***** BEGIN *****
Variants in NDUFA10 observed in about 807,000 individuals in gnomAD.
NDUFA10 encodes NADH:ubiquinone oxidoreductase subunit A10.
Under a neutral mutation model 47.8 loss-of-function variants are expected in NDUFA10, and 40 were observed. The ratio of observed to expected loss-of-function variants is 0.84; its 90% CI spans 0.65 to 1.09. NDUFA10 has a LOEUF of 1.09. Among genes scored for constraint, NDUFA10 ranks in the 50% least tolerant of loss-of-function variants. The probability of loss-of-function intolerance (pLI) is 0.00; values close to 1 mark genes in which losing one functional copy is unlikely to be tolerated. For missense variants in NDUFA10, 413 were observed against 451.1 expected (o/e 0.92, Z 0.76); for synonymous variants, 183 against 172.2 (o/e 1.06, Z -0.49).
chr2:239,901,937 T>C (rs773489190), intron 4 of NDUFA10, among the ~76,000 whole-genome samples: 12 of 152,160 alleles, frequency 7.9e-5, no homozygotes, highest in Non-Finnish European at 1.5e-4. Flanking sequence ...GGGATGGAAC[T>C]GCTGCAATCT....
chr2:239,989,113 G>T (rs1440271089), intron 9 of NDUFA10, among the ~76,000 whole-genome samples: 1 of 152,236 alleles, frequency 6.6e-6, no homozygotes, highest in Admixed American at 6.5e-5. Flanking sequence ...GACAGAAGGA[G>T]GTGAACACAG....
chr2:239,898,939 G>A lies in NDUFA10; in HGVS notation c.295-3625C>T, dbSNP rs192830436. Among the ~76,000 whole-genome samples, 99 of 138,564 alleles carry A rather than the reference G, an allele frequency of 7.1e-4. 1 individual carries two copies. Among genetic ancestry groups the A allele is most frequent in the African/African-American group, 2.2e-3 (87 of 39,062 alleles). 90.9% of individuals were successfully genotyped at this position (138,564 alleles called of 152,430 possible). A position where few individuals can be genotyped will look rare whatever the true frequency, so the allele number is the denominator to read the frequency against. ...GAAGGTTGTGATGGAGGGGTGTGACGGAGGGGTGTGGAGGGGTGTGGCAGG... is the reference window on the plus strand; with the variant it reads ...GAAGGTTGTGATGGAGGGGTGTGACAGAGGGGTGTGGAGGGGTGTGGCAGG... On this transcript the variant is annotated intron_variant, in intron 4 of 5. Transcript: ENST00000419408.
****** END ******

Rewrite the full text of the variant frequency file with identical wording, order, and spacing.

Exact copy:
Variants in NDUFA10 observed in about 807,000 individuals in gnomAD.
NDUFA10 encodes NADH:ubiquinone oxidoreductase subunit A10.
Under a neutral mutation model 47.8 loss-of-function variants are expected in NDUFA10, and 40 were observed. The ratio of observed to expected loss-of-function variants is 0.84; its 90% CI spans 0.65 to 1.09. NDUFA10 has a LOEUF of 1.09. Among genes scored for constraint, NDUFA10 ranks in the 50% least tolerant of loss-of-function variants. The probability of loss-of-function intolerance (pLI) is 0.00; values close to 1 mark genes in which losing one functional copy is unlikely to be tolerated. For missense variants in NDUFA10, 413 were observed against 451.1 expected (o/e 0.92, Z 0.76); for synonymous variants, 183 against 172.2 (o/e 1.06, Z -0.49).
chr2:239,901,937 T>C (rs773489190), intron 4 of NDUFA10, among the ~76,000 whole-genome samples: 12 of 152,160 alleles, frequency 7.9e-5, no homozygotes, highest in Non-Finnish European at 1.5e-4. Flanking sequence ...GGGATGGAAC[T>C]GCTGCAATCT....
chr2:239,989,113 G>T (rs1440271089), intron 9 of NDUFA10, among the ~76,000 whole-genome samples: 1 of 152,236 alleles, frequency 6.6e-6, no homozygotes, highest in Admixed American at 6.5e-5. Flanking sequence ...GACAGAAGGA[G>T]GTGAACACAG....
chr2:239,898,939 G>A lies in NDUFA10; in HGVS notation c.295-3625C>T, dbSNP rs192830436. Among the ~76,000 whole-genome samples, 99 of 138,564 alleles carry A rather than the reference G, an allele frequency of 7.1e-4. 1 individual carries two copies. Among genetic ancestry groups the A allele is most frequent in the African/African-American group, 2.2e-3 (87 of 39,062 alleles). 90.9% of individuals were successfully genotyped at this position (138,564 alleles called of 152,430 possible). A position where few individuals can be genotyped will look rare whatever the true frequency, so the allele number is the denominator to read the frequency against. ...GAAGGTTGTGATGGAGGGGTGTGACGGAGGGGTGTGGAGGGGTGTGGCAGG... is the reference window on the plus strand; with the variant it reads ...GAAGGTTGTGATGGAGGGGTGTGACAGAGGGGTGTGGAGGGGTGTGGCAGG... On this transcript the variant is annotated intron_variant, in intron 4 of 5. Transcript: ENST00000419408.